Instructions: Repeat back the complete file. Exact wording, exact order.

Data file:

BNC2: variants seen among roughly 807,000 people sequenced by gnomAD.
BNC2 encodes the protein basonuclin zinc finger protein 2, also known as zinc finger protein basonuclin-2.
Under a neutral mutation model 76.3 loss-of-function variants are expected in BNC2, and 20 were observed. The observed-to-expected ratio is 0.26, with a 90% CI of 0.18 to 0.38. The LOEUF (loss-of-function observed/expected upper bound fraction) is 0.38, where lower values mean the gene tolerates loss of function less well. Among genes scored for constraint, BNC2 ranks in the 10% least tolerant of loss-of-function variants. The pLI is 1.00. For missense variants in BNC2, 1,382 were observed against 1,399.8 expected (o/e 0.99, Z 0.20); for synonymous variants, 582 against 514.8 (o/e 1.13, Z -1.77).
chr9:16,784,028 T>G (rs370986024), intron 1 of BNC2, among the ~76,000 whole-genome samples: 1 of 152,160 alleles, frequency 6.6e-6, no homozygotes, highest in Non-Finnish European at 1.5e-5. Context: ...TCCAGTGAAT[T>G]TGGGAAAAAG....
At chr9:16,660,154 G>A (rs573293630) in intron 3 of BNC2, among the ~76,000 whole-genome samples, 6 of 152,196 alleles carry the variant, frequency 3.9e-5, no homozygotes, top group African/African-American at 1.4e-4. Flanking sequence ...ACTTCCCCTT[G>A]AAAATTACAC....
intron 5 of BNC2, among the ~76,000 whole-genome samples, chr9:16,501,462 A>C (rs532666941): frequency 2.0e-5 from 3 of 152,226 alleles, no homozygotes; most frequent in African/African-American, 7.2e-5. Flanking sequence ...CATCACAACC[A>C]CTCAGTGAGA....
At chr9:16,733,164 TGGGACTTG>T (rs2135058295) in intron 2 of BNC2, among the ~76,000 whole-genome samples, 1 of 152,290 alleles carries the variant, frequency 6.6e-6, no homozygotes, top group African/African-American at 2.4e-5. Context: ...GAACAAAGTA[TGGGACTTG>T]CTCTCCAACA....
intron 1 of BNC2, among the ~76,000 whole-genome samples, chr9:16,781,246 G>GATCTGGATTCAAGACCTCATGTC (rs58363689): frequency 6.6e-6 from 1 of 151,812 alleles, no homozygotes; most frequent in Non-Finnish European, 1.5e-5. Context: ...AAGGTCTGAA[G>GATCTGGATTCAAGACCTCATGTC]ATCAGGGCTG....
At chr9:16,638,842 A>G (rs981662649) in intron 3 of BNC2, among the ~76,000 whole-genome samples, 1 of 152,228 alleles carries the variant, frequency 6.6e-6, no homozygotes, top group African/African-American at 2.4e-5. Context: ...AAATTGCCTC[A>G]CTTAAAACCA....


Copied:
BNC2: variants seen among roughly 807,000 people sequenced by gnomAD.
BNC2 encodes the protein basonuclin zinc finger protein 2, also known as zinc finger protein basonuclin-2.
Under a neutral mutation model 76.3 loss-of-function variants are expected in BNC2, and 20 were observed. The observed-to-expected ratio is 0.26, with a 90% CI of 0.18 to 0.38. The LOEUF (loss-of-function observed/expected upper bound fraction) is 0.38, where lower values mean the gene tolerates loss of function less well. Among genes scored for constraint, BNC2 ranks in the 10% least tolerant of loss-of-function variants. The pLI is 1.00. For missense variants in BNC2, 1,382 were observed against 1,399.8 expected (o/e 0.99, Z 0.20); for synonymous variants, 582 against 514.8 (o/e 1.13, Z -1.77).
chr9:16,784,028 T>G (rs370986024), intron 1 of BNC2, among the ~76,000 whole-genome samples: 1 of 152,160 alleles, frequency 6.6e-6, no homozygotes, highest in Non-Finnish European at 1.5e-5. Context: ...TCCAGTGAAT[T>G]TGGGAAAAAG....
At chr9:16,660,154 G>A (rs573293630) in intron 3 of BNC2, among the ~76,000 whole-genome samples, 6 of 152,196 alleles carry the variant, frequency 3.9e-5, no homozygotes, top group African/African-American at 1.4e-4. Flanking sequence ...ACTTCCCCTT[G>A]AAAATTACAC....
intron 5 of BNC2, among the ~76,000 whole-genome samples, chr9:16,501,462 A>C (rs532666941): frequency 2.0e-5 from 3 of 152,226 alleles, no homozygotes; most frequent in African/African-American, 7.2e-5. Flanking sequence ...CATCACAACC[A>C]CTCAGTGAGA....
At chr9:16,733,164 TGGGACTTG>T (rs2135058295) in intron 2 of BNC2, among the ~76,000 whole-genome samples, 1 of 152,290 alleles carries the variant, frequency 6.6e-6, no homozygotes, top group African/African-American at 2.4e-5. Context: ...GAACAAAGTA[TGGGACTTG>T]CTCTCCAACA....
intron 1 of BNC2, among the ~76,000 whole-genome samples, chr9:16,781,246 G>GATCTGGATTCAAGACCTCATGTC (rs58363689): frequency 6.6e-6 from 1 of 151,812 alleles, no homozygotes; most frequent in Non-Finnish European, 1.5e-5. Context: ...AAGGTCTGAA[G>GATCTGGATTCAAGACCTCATGTC]ATCAGGGCTG....
At chr9:16,638,842 A>G (rs981662649) in intron 3 of BNC2, among the ~76,000 whole-genome samples, 1 of 152,228 alleles carries the variant, frequency 6.6e-6, no homozygotes, top group African/African-American at 2.4e-5. Context: ...AAATTGCCTC[A>G]CTTAAAACCA....